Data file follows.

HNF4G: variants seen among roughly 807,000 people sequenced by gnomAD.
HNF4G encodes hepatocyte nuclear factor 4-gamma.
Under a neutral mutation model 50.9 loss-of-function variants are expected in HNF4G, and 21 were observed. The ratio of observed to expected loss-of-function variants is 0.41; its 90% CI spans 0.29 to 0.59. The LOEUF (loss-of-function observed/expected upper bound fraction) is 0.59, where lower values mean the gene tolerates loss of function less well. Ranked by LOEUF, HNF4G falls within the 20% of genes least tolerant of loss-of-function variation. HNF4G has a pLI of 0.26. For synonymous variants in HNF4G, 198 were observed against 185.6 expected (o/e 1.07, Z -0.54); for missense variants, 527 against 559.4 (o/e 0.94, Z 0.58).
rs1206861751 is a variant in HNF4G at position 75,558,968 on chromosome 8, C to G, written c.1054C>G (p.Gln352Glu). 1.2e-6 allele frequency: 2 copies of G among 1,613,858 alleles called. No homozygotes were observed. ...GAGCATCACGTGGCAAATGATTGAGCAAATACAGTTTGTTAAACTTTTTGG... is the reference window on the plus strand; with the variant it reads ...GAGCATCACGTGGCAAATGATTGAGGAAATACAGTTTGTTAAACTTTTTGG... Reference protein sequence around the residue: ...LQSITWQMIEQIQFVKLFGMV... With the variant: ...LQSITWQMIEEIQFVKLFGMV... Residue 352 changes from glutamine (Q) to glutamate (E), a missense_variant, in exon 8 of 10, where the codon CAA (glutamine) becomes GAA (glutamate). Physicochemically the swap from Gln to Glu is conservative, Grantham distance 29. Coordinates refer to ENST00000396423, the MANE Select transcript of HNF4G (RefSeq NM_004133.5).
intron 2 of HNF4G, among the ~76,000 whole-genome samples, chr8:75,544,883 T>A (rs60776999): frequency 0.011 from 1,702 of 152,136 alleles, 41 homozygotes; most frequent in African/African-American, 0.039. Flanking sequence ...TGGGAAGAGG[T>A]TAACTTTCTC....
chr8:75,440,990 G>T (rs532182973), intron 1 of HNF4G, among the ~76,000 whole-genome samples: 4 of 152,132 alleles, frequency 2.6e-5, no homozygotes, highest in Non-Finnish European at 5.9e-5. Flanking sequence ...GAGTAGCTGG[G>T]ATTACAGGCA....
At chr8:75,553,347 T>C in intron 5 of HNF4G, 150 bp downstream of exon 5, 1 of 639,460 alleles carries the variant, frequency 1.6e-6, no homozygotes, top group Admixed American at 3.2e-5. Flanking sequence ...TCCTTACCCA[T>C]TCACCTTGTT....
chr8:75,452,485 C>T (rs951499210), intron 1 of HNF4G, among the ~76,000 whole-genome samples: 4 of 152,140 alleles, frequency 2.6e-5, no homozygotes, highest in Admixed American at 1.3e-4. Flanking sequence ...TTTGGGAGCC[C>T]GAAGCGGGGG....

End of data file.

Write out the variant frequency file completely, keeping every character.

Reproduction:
HNF4G: variants seen among roughly 807,000 people sequenced by gnomAD.
HNF4G encodes hepatocyte nuclear factor 4-gamma.
Under a neutral mutation model 50.9 loss-of-function variants are expected in HNF4G, and 21 were observed. The ratio of observed to expected loss-of-function variants is 0.41; its 90% CI spans 0.29 to 0.59. The LOEUF (loss-of-function observed/expected upper bound fraction) is 0.59, where lower values mean the gene tolerates loss of function less well. Ranked by LOEUF, HNF4G falls within the 20% of genes least tolerant of loss-of-function variation. HNF4G has a pLI of 0.26. For synonymous variants in HNF4G, 198 were observed against 185.6 expected (o/e 1.07, Z -0.54); for missense variants, 527 against 559.4 (o/e 0.94, Z 0.58).
rs1206861751 is a variant in HNF4G at position 75,558,968 on chromosome 8, C to G, written c.1054C>G (p.Gln352Glu). 1.2e-6 allele frequency: 2 copies of G among 1,613,858 alleles called. No homozygotes were observed. ...GAGCATCACGTGGCAAATGATTGAGCAAATACAGTTTGTTAAACTTTTTGG... is the reference window on the plus strand; with the variant it reads ...GAGCATCACGTGGCAAATGATTGAGGAAATACAGTTTGTTAAACTTTTTGG... Reference protein sequence around the residue: ...LQSITWQMIEQIQFVKLFGMV... With the variant: ...LQSITWQMIEEIQFVKLFGMV... Residue 352 changes from glutamine (Q) to glutamate (E), a missense_variant, in exon 8 of 10, where the codon CAA (glutamine) becomes GAA (glutamate). Physicochemically the swap from Gln to Glu is conservative, Grantham distance 29. Coordinates refer to ENST00000396423, the MANE Select transcript of HNF4G (RefSeq NM_004133.5).
intron 2 of HNF4G, among the ~76,000 whole-genome samples, chr8:75,544,883 T>A (rs60776999): frequency 0.011 from 1,702 of 152,136 alleles, 41 homozygotes; most frequent in African/African-American, 0.039. Flanking sequence ...TGGGAAGAGG[T>A]TAACTTTCTC....
chr8:75,440,990 G>T (rs532182973), intron 1 of HNF4G, among the ~76,000 whole-genome samples: 4 of 152,132 alleles, frequency 2.6e-5, no homozygotes, highest in Non-Finnish European at 5.9e-5. Flanking sequence ...GAGTAGCTGG[G>T]ATTACAGGCA....
At chr8:75,553,347 T>C in intron 5 of HNF4G, 150 bp downstream of exon 5, 1 of 639,460 alleles carries the variant, frequency 1.6e-6, no homozygotes, top group Admixed American at 3.2e-5. Flanking sequence ...TCCTTACCCA[T>C]TCACCTTGTT....
chr8:75,452,485 C>T (rs951499210), intron 1 of HNF4G, among the ~76,000 whole-genome samples: 4 of 152,140 alleles, frequency 2.6e-5, no homozygotes, highest in Admixed American at 1.3e-4. Flanking sequence ...TTTGGGAGCC[C>T]GAAGCGGGGG....